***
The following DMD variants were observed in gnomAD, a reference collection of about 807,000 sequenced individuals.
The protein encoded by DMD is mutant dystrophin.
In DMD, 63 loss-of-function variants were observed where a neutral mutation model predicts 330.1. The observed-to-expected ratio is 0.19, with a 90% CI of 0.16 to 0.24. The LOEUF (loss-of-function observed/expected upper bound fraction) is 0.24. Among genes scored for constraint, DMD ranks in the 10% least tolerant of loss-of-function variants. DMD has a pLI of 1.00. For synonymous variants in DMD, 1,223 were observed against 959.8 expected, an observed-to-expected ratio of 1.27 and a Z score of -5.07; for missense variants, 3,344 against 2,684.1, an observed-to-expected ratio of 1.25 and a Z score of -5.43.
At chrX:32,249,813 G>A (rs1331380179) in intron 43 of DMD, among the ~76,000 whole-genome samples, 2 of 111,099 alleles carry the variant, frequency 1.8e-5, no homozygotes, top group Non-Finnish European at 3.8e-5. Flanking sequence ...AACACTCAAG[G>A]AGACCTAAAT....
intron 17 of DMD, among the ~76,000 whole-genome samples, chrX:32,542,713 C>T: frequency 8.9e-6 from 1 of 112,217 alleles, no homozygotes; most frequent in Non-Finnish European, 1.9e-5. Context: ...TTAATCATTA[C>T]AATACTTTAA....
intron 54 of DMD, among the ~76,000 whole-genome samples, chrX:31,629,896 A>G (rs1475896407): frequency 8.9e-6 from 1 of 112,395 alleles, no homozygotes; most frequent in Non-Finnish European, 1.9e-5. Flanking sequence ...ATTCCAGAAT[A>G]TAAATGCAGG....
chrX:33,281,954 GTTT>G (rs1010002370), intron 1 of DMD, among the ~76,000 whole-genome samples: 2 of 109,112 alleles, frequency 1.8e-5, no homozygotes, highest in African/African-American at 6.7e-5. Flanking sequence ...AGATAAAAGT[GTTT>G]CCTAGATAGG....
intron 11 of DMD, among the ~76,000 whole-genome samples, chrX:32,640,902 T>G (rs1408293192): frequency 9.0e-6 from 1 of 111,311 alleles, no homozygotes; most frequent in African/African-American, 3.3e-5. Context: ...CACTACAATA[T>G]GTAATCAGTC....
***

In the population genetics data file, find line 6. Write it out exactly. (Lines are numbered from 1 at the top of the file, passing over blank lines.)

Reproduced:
intron 54 of DMD, among the ~76,000 whole-genome samples, chrX:31,629,896 A>G (rs1475896407): frequency 8.9e-6 from 1 of 112,395 alleles, no homozygotes; most frequent in Non-Finnish European, 1.9e-5. Flanking sequence ...ATTCCAGAAT[A>G]TAAATGCAGG....